Vacation, sick days scrutinized as source of thrift

By Emily Le Coz/NEMS Daily Journal

TUPELO – Budget woes could cut short some city employees’ long vacations.
Municipal leaders across the state are eyeing a common practice where government workers stockpile unused vacation and sick leave. In some cases, they accrue several years’ worth that they can redeem in one lump sum for time off, cash or early retirement.
But with the nation’s economic slump stretching into yet another fiscal year, some cities might limit or end the practice to save money.
The issue surfaced recently in Saltillo where Alderman Scott Knight reportedly told employees he wants to switch to a use-it-or-lose-it policy. Anyone who doesn’t use their 12-18 days of annual vacation by year’s end, he proposed, would lose it.
Currently, workers can roll over unused vacation and sick time from year to year. If they don’t use it while employed with the city, they can get paid for up to 240 hours of stored vacation, or get retirement credit for them. They lose their unused sick time, however.
“Out of the 24 employees, there are 10 that have already accrued 240 hours,” said Saltillo City Clerk Mary Parker, who confirmed Knight’s recent proposal. “With all the vacation time that has been accrued by all the employees, it is an asset city of $57,536.”
Knight could not be reached for comment.
The city of Southaven would have to cover $1.3 million worth of vacation time if all its employees took their stockpiled hours this year, said Human Resource Director Wesley Brown.
Brown said Southaven workers can accrue unlimited vacation, but the city pays only 160 hours worth upon resignation or retirement. If everyone quit today, he said, the city would owe roughly $600,000 for those hours.
Employees also can bank sick time, but it caps at 240 hours with additional time rolling into state retirement credit.
Southaven leaders this year are considering a use-it-or-lose it policy to eliminate rollovers, Brown said. He doesn’t know if it will pass or not.
“The majority of our employees been here so long and have massive amounts of vacation accrued,” he said. “I’ve been here 10 years, and the vacation that I earned at a lesser rate of pay costs the city more if I take it today because now I earn a higher rate.”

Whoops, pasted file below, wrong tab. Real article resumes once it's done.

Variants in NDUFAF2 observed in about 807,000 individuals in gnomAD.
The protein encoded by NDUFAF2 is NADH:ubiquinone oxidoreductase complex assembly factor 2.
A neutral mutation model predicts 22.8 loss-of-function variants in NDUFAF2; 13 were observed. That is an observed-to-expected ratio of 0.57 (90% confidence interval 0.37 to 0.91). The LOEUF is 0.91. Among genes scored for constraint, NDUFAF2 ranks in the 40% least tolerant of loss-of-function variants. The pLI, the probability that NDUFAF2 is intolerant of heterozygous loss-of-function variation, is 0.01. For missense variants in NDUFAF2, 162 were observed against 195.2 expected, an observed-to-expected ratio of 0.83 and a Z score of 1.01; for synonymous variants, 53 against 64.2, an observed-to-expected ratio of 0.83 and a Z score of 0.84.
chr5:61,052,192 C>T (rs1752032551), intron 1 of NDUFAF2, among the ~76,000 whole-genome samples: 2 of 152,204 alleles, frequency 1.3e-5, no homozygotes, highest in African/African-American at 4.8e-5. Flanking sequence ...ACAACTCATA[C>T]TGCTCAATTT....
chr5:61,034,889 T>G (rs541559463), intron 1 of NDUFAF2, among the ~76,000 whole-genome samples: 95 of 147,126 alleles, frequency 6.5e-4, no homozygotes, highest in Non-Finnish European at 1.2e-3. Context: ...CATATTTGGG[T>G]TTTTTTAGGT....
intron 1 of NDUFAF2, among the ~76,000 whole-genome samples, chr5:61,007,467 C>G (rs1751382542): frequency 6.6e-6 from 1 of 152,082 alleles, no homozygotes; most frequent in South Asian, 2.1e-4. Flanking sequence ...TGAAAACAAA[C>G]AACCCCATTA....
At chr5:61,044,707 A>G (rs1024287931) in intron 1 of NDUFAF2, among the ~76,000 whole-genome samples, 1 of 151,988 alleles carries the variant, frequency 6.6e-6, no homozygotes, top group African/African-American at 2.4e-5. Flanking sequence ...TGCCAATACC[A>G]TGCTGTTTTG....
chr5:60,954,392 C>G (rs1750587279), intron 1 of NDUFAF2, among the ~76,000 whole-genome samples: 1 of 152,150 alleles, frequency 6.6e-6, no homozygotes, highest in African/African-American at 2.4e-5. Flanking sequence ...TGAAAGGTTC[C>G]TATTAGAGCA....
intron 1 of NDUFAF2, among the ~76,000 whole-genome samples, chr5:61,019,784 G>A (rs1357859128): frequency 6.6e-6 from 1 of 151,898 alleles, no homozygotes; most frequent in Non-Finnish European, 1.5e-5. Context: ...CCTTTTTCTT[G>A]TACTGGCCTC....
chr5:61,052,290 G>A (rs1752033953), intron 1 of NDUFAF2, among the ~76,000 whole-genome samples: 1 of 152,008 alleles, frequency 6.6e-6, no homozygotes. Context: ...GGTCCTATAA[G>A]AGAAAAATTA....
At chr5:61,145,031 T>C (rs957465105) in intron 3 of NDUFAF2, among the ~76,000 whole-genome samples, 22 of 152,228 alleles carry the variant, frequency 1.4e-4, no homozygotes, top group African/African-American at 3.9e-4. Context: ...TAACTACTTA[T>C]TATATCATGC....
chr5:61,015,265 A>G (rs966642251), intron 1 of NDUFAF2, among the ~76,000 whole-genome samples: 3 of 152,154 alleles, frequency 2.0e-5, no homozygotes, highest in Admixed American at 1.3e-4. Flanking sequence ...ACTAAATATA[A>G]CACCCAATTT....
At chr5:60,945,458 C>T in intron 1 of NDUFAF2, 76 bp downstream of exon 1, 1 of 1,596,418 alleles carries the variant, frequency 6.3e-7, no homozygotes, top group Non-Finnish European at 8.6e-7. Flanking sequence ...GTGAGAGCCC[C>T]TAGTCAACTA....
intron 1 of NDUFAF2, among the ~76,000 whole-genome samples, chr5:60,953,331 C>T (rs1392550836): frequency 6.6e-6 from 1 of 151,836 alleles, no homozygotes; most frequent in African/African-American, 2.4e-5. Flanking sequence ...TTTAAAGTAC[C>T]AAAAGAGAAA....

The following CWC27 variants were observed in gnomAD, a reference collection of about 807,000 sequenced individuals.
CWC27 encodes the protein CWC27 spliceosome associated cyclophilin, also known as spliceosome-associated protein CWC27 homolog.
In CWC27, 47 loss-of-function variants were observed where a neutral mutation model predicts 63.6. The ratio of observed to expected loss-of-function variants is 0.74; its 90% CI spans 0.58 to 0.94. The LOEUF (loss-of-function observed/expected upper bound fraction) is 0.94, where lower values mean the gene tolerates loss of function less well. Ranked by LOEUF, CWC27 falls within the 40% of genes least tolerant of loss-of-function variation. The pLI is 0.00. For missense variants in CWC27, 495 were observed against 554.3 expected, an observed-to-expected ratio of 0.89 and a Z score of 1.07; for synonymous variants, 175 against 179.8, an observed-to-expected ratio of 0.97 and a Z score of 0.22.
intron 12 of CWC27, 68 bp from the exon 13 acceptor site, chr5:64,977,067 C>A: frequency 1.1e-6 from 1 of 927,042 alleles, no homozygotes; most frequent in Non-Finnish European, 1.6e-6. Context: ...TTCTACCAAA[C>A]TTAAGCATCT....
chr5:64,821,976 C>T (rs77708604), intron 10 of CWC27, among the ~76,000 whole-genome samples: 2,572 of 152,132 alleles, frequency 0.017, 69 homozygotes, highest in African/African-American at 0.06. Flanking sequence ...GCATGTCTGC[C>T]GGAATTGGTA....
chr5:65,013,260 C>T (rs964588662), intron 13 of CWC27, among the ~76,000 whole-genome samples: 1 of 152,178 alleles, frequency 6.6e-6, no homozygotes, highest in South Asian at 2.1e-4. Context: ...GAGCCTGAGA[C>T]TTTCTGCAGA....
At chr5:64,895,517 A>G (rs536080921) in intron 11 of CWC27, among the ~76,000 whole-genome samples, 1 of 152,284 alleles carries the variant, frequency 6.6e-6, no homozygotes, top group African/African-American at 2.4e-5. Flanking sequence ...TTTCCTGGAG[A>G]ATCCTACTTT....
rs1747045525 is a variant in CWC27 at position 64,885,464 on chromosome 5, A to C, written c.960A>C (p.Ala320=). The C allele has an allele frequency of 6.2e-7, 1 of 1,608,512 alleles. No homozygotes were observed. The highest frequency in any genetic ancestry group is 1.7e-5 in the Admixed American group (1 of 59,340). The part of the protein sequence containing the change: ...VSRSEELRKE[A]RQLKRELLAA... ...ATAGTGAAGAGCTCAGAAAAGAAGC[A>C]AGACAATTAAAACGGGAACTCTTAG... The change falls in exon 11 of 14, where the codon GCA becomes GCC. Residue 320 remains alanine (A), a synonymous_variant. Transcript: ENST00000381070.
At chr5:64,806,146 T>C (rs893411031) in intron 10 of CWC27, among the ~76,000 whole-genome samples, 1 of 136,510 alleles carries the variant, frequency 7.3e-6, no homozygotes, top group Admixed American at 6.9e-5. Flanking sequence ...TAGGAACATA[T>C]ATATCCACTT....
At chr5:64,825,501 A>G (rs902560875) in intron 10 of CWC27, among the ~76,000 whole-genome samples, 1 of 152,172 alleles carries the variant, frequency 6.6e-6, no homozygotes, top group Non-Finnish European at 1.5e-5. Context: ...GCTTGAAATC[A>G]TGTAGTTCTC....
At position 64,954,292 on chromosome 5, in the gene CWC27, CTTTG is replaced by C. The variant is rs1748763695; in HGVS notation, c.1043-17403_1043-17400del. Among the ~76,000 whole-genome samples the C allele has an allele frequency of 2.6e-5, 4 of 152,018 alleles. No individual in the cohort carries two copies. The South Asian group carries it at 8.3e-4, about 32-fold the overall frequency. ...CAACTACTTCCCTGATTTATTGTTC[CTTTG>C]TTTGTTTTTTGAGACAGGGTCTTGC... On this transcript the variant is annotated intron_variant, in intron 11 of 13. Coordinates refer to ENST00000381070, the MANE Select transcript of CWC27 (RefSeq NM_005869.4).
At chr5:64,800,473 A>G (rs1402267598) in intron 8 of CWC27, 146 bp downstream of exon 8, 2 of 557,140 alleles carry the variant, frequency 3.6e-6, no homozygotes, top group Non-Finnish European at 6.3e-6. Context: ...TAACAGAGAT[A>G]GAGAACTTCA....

Tupelo workers have one year to spend earned vacation, but their unused days roll over into sick time that can be stored with no limit. Employees then can take sick days for themselves, donate them to needy colleagues or put them toward retirement.
The Public Employees’ Retirement System of Mississippi allows state workers to put unused leave toward their retirement benefits. Some employees have gained several years of credit by stockpiling hours.
At least one Tupelo City Council member said the municipality should limit the number of hours to reduce Tupelo’s liability.
“We should be able to cap sick days at 90 days,” said Ward 1 Councilman Markel Whittington, who serves on a subcommittee of council members studying employee benefits.
Tupelo paid roughly $400,000 in sick pay during the previous fiscal year, said city Chief Financial Officer Lynn Norris. It’s unclear how much of that pay came from donated sick leave.
Employees regularly donate unused sick time to colleagues with extended illnesses or medical treatments.
“One woman left the city and had 504 hours of sick time saved up that she donated to another employee who was out with cancer,” said Assistant Human Resource Director Contanna Purnell.
Saltillo doesn’t allow workers to donate sick leave. Several employees there said they save their unused days in case of their own emergencies or to put toward retirement. They don’t want the rules to change.
“It’s a phantom number on the budget,” said Saltillo Public Works Director Richard Feist, who said he has six months of unused leave saved up. “It has to be budgeted, but the chances of the city having to pay it out just aren’t there.”

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